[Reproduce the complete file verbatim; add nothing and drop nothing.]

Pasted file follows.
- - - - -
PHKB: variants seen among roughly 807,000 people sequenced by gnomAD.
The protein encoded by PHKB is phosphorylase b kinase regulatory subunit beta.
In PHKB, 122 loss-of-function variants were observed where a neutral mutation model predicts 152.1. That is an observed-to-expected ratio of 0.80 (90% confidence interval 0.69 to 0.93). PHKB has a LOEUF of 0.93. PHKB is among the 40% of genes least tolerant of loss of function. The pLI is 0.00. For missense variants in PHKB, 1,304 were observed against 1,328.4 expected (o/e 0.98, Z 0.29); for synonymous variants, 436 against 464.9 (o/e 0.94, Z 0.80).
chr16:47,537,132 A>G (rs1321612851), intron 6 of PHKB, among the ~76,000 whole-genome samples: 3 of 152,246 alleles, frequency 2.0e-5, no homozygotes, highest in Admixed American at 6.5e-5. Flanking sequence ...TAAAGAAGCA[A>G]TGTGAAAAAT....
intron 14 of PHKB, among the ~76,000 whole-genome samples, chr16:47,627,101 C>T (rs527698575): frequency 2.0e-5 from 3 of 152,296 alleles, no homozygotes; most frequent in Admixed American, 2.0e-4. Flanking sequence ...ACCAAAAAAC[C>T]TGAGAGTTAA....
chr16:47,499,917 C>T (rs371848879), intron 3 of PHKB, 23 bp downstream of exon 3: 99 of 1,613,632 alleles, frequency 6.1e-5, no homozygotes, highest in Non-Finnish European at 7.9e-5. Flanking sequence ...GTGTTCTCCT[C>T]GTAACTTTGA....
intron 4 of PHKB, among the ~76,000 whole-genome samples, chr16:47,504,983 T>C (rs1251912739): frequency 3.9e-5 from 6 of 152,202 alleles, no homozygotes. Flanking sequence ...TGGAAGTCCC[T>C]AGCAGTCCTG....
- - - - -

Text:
PHKB: variants seen among roughly 807,000 people sequenced by gnomAD.
The protein encoded by PHKB is phosphorylase b kinase regulatory subunit beta.
In PHKB, 122 loss-of-function variants were observed where a neutral mutation model predicts 152.1. That is an observed-to-expected ratio of 0.80 (90% confidence interval 0.69 to 0.93). PHKB has a LOEUF of 0.93. PHKB is among the 40% of genes least tolerant of loss of function. The pLI is 0.00. For missense variants in PHKB, 1,304 were observed against 1,328.4 expected (o/e 0.98, Z 0.29); for synonymous variants, 436 against 464.9 (o/e 0.94, Z 0.80).
chr16:47,537,132 A>G (rs1321612851), intron 6 of PHKB, among the ~76,000 whole-genome samples: 3 of 152,246 alleles, frequency 2.0e-5, no homozygotes, highest in Admixed American at 6.5e-5. Flanking sequence ...TAAAGAAGCA[A>G]TGTGAAAAAT....
intron 14 of PHKB, among the ~76,000 whole-genome samples, chr16:47,627,101 C>T (rs527698575): frequency 2.0e-5 from 3 of 152,296 alleles, no homozygotes; most frequent in Admixed American, 2.0e-4. Flanking sequence ...ACCAAAAAAC[C>T]TGAGAGTTAA....
chr16:47,499,917 C>T (rs371848879), intron 3 of PHKB, 23 bp downstream of exon 3: 99 of 1,613,632 alleles, frequency 6.1e-5, no homozygotes, highest in Non-Finnish European at 7.9e-5. Flanking sequence ...GTGTTCTCCT[C>T]GTAACTTTGA....
intron 4 of PHKB, among the ~76,000 whole-genome samples, chr16:47,504,983 T>C (rs1251912739): frequency 3.9e-5 from 6 of 152,202 alleles, no homozygotes. Flanking sequence ...TGGAAGTCCC[T>C]AGCAGTCCTG....